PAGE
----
Heartland Bank is sticking to existing forecasts for annual profit to rise as much as 13 per cent as credit growth and improving asset quality bolster the lender's books, but is watchful of increasingly volatile global financial markets.

Chief executive Jeff Greenslade, who's led the lender since Marac Finance was carved out of Pyne Gould Corp in 2011 and merged with the Canterbury and Southern Cross building societies, told shareholders at today's annual meeting in Auckland that the bank is still confident net profit will be between $65 million and $68m in the year ending June 30, 2018. It sees asset growth continuing in the first three months of the year, while cheaper wholesale funding has offset increased competition for retail deposits.

"The macroeconomic environment for New Zealand is favourable, but internationally, markets are prone to event-driven volatility," Greenslade said in speech notes published to the stock exchange.

"It is still necessary to be cautious and watchful in terms of exposure to global markets."


Heartland focuses on higher-margin consumer lending, such as auto-loans and reverse mortgages, and online lending channels including peer-to-peer lender Harmoney, leaving the residential mortgage market to the likes of the Australian-owned banks.

Auckland-based Heartland has been developing its digital strategy, which Greenslade today described as transacting online as opposed to what the major banks offer through internet banking, which is largely an administration tool and associated with payments.

That also opens opportunities in using data to identify risks and opportunities, and Heartland is investing in analytical tools to streamline credit decisions and improve prediction.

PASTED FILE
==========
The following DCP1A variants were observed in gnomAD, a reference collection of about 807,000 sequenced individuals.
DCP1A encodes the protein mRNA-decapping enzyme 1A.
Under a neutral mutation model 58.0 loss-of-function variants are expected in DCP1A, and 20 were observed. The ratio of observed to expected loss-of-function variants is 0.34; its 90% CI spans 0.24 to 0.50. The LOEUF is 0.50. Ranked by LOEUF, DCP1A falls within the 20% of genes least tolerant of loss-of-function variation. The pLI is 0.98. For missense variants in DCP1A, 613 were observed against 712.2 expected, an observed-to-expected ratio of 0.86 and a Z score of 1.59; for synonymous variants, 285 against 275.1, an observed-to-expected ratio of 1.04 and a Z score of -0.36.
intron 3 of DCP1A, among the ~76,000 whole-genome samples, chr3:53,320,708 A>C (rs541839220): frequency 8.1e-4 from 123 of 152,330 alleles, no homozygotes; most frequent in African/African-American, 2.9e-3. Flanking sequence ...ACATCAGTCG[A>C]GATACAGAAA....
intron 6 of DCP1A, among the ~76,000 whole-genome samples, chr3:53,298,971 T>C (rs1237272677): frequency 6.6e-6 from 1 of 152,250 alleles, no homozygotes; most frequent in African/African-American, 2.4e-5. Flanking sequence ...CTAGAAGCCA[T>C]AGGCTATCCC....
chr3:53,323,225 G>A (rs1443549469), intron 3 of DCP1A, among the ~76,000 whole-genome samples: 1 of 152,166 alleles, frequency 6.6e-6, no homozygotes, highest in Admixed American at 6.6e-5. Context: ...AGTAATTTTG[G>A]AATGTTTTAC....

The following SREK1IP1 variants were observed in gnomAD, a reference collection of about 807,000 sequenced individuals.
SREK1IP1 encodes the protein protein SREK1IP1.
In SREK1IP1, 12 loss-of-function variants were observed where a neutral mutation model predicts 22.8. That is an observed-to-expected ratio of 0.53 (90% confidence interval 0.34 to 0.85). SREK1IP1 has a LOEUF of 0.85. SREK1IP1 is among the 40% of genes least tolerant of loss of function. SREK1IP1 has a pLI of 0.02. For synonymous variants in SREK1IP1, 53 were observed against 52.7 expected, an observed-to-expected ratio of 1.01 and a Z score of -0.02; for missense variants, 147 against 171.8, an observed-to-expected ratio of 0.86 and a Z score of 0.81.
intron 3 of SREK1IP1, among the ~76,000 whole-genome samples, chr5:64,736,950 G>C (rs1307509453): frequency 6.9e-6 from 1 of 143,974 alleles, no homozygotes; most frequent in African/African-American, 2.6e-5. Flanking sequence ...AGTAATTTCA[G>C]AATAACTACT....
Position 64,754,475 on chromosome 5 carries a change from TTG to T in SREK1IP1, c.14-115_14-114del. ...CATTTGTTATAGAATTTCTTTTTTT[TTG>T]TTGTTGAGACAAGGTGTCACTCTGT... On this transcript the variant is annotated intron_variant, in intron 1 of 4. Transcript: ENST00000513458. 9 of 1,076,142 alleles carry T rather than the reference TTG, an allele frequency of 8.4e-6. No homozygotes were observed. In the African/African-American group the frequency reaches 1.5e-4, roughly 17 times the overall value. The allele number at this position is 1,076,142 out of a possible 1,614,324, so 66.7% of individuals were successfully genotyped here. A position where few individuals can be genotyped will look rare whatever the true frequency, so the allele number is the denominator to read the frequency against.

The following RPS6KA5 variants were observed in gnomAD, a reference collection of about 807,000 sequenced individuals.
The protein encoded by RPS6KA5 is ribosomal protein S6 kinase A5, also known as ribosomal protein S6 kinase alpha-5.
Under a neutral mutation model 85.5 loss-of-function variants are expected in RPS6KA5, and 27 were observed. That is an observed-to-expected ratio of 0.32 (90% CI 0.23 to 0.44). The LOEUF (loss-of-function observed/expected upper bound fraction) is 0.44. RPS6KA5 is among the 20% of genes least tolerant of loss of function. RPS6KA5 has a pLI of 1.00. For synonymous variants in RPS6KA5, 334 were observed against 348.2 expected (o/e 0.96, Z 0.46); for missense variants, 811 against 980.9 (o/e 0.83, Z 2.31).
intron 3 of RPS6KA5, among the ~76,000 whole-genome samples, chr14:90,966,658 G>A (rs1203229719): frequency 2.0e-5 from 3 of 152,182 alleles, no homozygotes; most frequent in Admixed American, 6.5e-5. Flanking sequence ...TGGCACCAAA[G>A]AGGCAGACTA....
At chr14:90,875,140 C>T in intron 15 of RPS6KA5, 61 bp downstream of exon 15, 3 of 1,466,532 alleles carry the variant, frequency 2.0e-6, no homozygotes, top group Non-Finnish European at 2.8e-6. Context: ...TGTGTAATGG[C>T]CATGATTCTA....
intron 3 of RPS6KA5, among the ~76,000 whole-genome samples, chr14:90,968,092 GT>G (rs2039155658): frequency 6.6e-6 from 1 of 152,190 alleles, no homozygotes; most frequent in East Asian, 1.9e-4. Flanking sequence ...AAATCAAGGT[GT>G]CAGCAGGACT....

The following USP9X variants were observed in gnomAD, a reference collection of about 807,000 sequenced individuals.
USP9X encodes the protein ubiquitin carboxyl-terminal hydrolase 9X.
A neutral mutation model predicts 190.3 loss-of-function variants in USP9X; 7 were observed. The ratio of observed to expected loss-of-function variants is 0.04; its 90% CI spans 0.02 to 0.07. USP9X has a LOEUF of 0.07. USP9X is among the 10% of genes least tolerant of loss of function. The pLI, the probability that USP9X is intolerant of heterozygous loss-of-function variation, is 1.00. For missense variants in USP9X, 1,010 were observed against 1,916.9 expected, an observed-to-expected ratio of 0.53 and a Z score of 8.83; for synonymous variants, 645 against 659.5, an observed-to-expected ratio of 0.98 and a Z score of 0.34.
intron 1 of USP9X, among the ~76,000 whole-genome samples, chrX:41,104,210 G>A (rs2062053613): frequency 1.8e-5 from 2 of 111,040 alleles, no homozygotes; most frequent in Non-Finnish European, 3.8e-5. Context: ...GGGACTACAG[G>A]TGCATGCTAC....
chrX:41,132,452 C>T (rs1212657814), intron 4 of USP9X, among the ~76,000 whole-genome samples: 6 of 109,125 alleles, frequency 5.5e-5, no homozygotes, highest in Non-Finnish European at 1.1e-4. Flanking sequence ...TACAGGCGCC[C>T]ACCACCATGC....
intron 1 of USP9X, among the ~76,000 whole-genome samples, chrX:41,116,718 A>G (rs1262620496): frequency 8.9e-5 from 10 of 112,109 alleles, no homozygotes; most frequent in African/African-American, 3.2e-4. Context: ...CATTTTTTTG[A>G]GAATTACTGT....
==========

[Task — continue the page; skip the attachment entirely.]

"Digital allows a small bank to operate with the similar scale of larger banks and to offer speed as a point of difference," Greenslade said.

Heartland is also re-examining the make-up of its 360-strong workforce to improve the level of diversity, and has set up a committee made up of staff from across the organisation to "recommend measurable objectives and oversee and assess Heartland's progress towards achieving them," Greenslade said.

The bank is reviewing its recruitment, retention and communication processes, and its broader culture.

About half of the lender's staff is female, as is the senior leadership, although the wider executive team is 30 per cent female and 70 per cent male.

In terms of ethnic diversity, Greenslade said 47 groups were identified in a voluntary survey across the business, but that there were gaps in "key areas" that need to be addressed.


"One of our priorities is to address the under-representation of Maori at Heartland when compared to New Zealand's working population," he said.

"We are taking a number of steps to ensure our workplace is welcoming and inclusive to Maori and enable us to demonstrate a greater understanding and appreciation for the Maori culture."

Chair Geoff Ricketts also discussed some of Heartland's community engagement at the meeting, outlining the activities of the Heartland Trust, which made $280,000 of charitable grants and donations to almost 20 organisations in the financial year.

That was after Ricketts pointed to Heartland's total shareholder return of 60.9 per cent in 2017, and an annual average 38.3 per cent return over the past five years.

"We believe this is an excellent outcome for our shareholders," he said.

Heartland wants to raise $59m from shareholders via a discounted rights issue which opens later this week.

The shares will be sold at $1.70 apiece, which was a 9.5 per cent discount to the theoretical ex-rights price of $1.88 at the time it was announced earlier this month. The shares fell 2 per cent to $1.93.